There’s a word that gets tossed around a lot when metal bands get a hair cut, add clean vocals, and layer the sound a lot; ‘mature’. This album has all the features of an album that critics would describe as ‘mature’. Whether or not Gojira have ‘matured’ (not that their previous efforts seemed immature), or are simply venting some emotions in a one-off experimental phase, it’s certainly something of a tonal shift for the critic-favourite French outfit.
‘Magma’ is pretty accessible and relatively straight-forward. It has catchy melodies and sing-along choruses, but it’s not really breaking any ground. On my first listen the album mostly passed me by, but once you get hold of some of the hooks you’ll find one or two tracks are definitely worth adding to playlists for future listens. The sad thing is, most aren’t.
Honestly, I never really got Gojira. They have some great songs, but I don’t think I ever understood what all the fuss was about. I don’t think this album is going to change my view on that, but I do like it. And I can’t get the goddamn chorus for ‘Stranded’ out of my head.
The album has a pretty dark undercurrent (the Duplantier brothers did lose their mother to an illness during the album’s recording, which might go some length to explaining the mood), but coupled with that is the sense that the album thinks it’s more intelligent and daring than it actually is. None of the songs are that interesting.
One of the biggest changes puts a notable chink in the armour of a band (rightly) hailed as exuding lot of talent: Joe’s melodic vocals are really nothing special, and if pushed, a bit crap. They lack any personality, and end up sounding pretty flat in most of the songs they appear in. Now, it’s arguable that that is sort of the point, but given that Mario stated in an interview that Joe’s lyrics were ‘very deep’, it seems a weird choice to opt for heartfelt lyrics if you have every intention of singing them in a very deadpan style. Perhaps if someone like Jonas Renkse had handled the melodic side, it would have pushed the songs into more interesting territory. As it stands, it feels more like a swing and a miss.
The use of melodic vocals also throws light on the lyrics. Caveat: I usually expect metal lyrics to be a bit crap. I can only really think of a handful of bands whose lyrics are actually worth taking the time to sit down and read; Cradle of Filth and Tool are two that immediately spring to mind. Tesseract’s ‘Altered State’ was a good example of lyrics that were punchy, didn’t read like a Russell Brand monologue, and exuded an intelligence without being pretentious (so, didn’t read like a Russell Brand monologue). Gojira’s lyrics are just, for the most part, tacky. Take
You are now, high
In the sun, burn
You’re away, alive
On the moon, round
—from ‘Magma’ , Gojira
Time to open your eyes to this genocide
When you clear your mind you see it all
You’re receiving the gold of a better life
When you change yourself, you change the world
—’Silvera’ , Gojira
Why pick on Gojira’s lyrics and not, say, Ingested’s? Well, because for a lot of heavier metal bands, the lyrics are primarily just a vehicle for the growls, grunts, and screams (case in point: who the fuck knows what Anaal Nathrakh sing about? Dave Hunt could be screaming about the benefits of paying attention to interior design for all anyone knows and it wouldn’t affect their sound a jot); Gojira always gave the impression of being a bit more high brow, and I always take that as a bit of a package. To explain, take Ingested’s (rather brilliant) ‘Surpassing the Boundaries of Human Suffering’. The artwork features a great carnivorous plant defiling dismembered female corpses, and features tracks such as ‘Intercranial Semen Injection‘ (which is probably my favourite death metal track title of all time) and ‘Pre-Released Foetal Mush‘. It would be silly to then expect the lyrics to be a nuanced examination of Germaine Greer’s ‘The Female Eunuch’, and I don’t think the band members would ever intend for them to be anything other than silly, horror movie style gore-fests (because otherwise, that would be pretty worrying…). Gojira, on the other hand, wrote an album inspired by a French 1970’s film of the same name, ‘L’Enfant Sauvage‘, featuring a thoughful, symbolic album cover. Magma’s album cover is similarly symbolic, and the move towards a more atmospheric sound suggests artistic experimentation over ‘This’ll sell a bunch of records’. Hence I don’t think it’s unreasonable to look a bit more at otherwise glossed-over features like the lyrics.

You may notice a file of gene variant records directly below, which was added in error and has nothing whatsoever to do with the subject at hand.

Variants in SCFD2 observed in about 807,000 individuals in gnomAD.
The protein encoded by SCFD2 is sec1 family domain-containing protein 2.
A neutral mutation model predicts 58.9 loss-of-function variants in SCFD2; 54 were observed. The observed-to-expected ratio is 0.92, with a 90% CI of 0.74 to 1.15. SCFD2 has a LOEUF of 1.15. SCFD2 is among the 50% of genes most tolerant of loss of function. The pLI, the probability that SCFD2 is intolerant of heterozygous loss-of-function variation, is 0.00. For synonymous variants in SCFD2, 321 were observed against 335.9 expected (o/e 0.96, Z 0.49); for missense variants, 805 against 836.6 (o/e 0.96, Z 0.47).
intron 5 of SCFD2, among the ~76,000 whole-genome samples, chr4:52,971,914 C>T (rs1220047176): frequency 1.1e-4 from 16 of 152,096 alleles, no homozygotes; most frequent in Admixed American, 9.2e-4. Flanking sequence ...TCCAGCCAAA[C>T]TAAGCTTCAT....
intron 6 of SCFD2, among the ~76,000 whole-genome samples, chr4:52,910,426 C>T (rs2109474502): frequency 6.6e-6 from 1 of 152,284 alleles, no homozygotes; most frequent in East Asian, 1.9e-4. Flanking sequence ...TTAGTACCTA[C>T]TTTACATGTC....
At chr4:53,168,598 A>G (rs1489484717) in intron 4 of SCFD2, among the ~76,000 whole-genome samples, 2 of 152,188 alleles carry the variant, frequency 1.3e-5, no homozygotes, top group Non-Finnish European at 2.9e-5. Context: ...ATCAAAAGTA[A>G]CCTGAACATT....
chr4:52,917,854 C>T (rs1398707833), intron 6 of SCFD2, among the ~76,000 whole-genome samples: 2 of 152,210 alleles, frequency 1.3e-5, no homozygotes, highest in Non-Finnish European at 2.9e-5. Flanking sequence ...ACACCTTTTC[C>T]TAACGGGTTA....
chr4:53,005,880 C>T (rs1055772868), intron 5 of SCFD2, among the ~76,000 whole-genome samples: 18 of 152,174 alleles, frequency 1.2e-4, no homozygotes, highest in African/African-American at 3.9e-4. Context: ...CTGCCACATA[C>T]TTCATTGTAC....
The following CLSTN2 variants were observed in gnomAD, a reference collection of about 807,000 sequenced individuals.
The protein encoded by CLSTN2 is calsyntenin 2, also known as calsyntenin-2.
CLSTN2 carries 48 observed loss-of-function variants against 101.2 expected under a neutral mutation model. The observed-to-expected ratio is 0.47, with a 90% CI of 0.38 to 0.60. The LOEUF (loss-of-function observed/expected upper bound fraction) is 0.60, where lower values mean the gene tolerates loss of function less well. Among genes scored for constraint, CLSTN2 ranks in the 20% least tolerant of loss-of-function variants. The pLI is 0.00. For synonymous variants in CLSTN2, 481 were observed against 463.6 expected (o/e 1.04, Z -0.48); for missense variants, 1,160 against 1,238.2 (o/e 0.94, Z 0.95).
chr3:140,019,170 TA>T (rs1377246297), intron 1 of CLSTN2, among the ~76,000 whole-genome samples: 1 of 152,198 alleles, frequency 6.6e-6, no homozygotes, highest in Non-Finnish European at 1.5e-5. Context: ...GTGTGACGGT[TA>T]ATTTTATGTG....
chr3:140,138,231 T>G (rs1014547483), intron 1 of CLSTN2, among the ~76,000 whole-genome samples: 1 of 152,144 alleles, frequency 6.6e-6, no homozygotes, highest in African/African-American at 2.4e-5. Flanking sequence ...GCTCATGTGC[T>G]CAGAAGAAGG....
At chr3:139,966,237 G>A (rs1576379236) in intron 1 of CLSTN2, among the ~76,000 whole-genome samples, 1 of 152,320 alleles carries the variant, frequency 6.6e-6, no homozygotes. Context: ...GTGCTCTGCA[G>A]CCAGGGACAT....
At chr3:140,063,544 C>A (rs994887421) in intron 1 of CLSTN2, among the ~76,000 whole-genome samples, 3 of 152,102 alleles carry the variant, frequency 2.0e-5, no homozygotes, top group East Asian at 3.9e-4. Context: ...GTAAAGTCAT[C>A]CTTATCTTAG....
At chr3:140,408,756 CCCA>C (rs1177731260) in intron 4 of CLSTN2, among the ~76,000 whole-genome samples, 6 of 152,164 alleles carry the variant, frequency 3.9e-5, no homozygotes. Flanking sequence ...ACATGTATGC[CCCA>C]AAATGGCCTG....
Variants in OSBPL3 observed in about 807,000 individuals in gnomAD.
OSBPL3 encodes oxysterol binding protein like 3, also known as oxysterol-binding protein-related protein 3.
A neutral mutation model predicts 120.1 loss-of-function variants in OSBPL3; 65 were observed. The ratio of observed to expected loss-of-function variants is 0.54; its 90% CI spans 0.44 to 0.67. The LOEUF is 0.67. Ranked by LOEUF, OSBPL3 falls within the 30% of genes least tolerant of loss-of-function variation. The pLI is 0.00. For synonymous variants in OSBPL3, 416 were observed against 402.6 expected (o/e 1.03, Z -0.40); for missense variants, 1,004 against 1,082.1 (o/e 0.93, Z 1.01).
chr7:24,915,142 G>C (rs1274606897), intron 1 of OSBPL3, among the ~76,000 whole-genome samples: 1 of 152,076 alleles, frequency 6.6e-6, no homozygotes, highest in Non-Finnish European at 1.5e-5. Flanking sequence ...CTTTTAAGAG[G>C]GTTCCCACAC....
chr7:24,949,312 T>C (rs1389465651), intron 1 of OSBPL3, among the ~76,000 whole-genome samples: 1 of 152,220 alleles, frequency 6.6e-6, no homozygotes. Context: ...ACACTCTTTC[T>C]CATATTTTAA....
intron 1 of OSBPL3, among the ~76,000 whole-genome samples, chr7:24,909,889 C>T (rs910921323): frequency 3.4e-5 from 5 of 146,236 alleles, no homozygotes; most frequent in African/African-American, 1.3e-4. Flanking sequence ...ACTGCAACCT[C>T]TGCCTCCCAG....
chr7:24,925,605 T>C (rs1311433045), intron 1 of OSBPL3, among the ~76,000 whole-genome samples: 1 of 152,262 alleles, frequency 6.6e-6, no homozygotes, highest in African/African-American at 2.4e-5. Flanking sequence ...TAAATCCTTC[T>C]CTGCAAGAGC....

My other main problem with the album is that there are only a handful of tracks that stand out on their own. The opening track for example, ‘The Shooting Star‘, sort of works within the context of the album, but I doubt anyone is going to go out of their way to play it on a Spotify playlist; indeed, many of the songs feel like that. You don’t mind it coming on when you play through the album, it’s not bad, but it’s not great either. In this respect, the album is odd. The songs are tight, self-contained, and tend to stick pretty rigidly to one idea at a time, but if you take most of the songs out of the context of the album, they’re very ‘meh’. They don’t feel like they should need to be heard in context, but they do.
It’s an album that’s most certainly worth a listen, but I’d be surprised if more than one or two of the tracks end up as fan favourites, and after a while, when you do choose to listen to the album again, you’ll probably find you select those couple of tracks (like ‘Stranded’) and skip the rest without feeling like you’re missing out.